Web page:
“Where is the plan to make health care affordable?”
“I want to see the savings.”
“Show me the money: Lay it out in simple language– on one page.”
Critics of health care reform legislation have become increasingly adamant on one point: They want to know how reformers are going to rein in the skyrocketing cost of care. And they want to know now. They’re not interested in “pilot projects,” or proposals that they refer to as “reform lite.” They want a proposal that the Congressional Budget Office can “score,” tallying up the savings the way one might add up the points in a tennis match, neatly, definitively, without argument.
In the most recent New Yorker (December 14), Dr. Atul Gawande faces down the critics. In seemingly effortless prose, he cuts to the heart of the matter: the uncertainty that haunts any human endeavor that aims at changing the culture. While most pundits who talk about health care reform focus on the day-to-day political debate, this Boston surgeon steps back and puts health care reform in a larger context: human history.
“There are, in human affairs,” he tells us, “two kinds of problems: those which are amenable to a technical solution and those which are not.” When it comes to “reforming the health-care system so that it serves the country’s needs”—and provides affordable, high quality care for all, Gawande warns “there is no one time fix. No nation has escaped the cost problem. Nobody has found a master switch that you can flip to make the problem go away. This cannot happen by fiat. If we want to start solving it, we first need to recognize that there is no technical solution.”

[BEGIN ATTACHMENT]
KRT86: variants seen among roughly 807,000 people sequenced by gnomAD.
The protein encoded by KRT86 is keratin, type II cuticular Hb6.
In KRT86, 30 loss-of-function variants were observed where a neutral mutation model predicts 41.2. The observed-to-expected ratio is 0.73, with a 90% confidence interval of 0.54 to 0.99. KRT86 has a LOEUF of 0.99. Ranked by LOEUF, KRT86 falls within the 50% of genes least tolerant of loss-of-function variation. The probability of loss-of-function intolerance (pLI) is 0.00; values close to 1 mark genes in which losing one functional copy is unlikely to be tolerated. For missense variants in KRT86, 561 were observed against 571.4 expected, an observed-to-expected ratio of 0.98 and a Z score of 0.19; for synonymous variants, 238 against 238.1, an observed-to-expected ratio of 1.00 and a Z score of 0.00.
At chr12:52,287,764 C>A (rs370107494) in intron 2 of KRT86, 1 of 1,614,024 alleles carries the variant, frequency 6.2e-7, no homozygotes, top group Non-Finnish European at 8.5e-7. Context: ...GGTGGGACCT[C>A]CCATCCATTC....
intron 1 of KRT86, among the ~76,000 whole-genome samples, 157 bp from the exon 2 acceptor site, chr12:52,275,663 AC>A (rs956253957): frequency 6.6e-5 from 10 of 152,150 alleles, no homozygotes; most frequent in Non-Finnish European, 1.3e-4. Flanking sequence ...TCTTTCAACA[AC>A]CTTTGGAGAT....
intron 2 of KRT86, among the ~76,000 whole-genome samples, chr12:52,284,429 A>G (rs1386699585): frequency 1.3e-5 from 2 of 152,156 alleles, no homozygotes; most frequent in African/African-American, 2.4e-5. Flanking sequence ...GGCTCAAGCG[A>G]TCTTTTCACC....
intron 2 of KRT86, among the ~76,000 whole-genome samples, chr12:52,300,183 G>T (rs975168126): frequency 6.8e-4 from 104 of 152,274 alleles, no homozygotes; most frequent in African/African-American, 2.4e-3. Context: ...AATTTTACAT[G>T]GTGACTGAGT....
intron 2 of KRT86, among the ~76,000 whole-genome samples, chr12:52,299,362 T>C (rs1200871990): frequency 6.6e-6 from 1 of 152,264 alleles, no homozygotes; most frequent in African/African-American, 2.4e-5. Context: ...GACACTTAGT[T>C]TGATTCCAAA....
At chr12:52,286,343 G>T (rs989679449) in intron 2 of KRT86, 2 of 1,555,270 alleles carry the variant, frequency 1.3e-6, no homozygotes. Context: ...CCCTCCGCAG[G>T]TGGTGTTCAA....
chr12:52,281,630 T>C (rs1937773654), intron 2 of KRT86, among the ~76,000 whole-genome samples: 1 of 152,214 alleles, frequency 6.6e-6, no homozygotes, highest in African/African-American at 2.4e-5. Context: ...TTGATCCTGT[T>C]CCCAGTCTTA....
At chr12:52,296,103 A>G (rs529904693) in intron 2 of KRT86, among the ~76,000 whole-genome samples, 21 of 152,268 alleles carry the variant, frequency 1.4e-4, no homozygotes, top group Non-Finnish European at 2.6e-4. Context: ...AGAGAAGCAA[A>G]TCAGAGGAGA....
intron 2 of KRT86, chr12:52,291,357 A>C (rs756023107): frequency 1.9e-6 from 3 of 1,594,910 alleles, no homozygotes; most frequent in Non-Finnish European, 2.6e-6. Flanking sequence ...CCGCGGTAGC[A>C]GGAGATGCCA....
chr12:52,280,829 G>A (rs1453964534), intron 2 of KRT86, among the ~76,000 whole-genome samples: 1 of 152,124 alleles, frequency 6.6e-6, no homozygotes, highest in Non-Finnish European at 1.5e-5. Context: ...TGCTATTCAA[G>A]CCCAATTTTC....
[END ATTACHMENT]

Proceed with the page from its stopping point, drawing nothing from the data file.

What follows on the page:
Why can’t we find a single, elegant, rational solution? Because what we are facing is neither a scientific problem, nor a mathematical conundrum. This is not physics. We’re not looking for a breakthrough formula. What we are attempting is to transform the nation’s medical culture–to change how millions of patients, doctors and others involved in this $2.6 trillion industry think about healthcare and their relationship to the system. Inevitably, this will be messy.
As White House budget director Peter Orszag recently reminded us, the process will take ten years –or longer.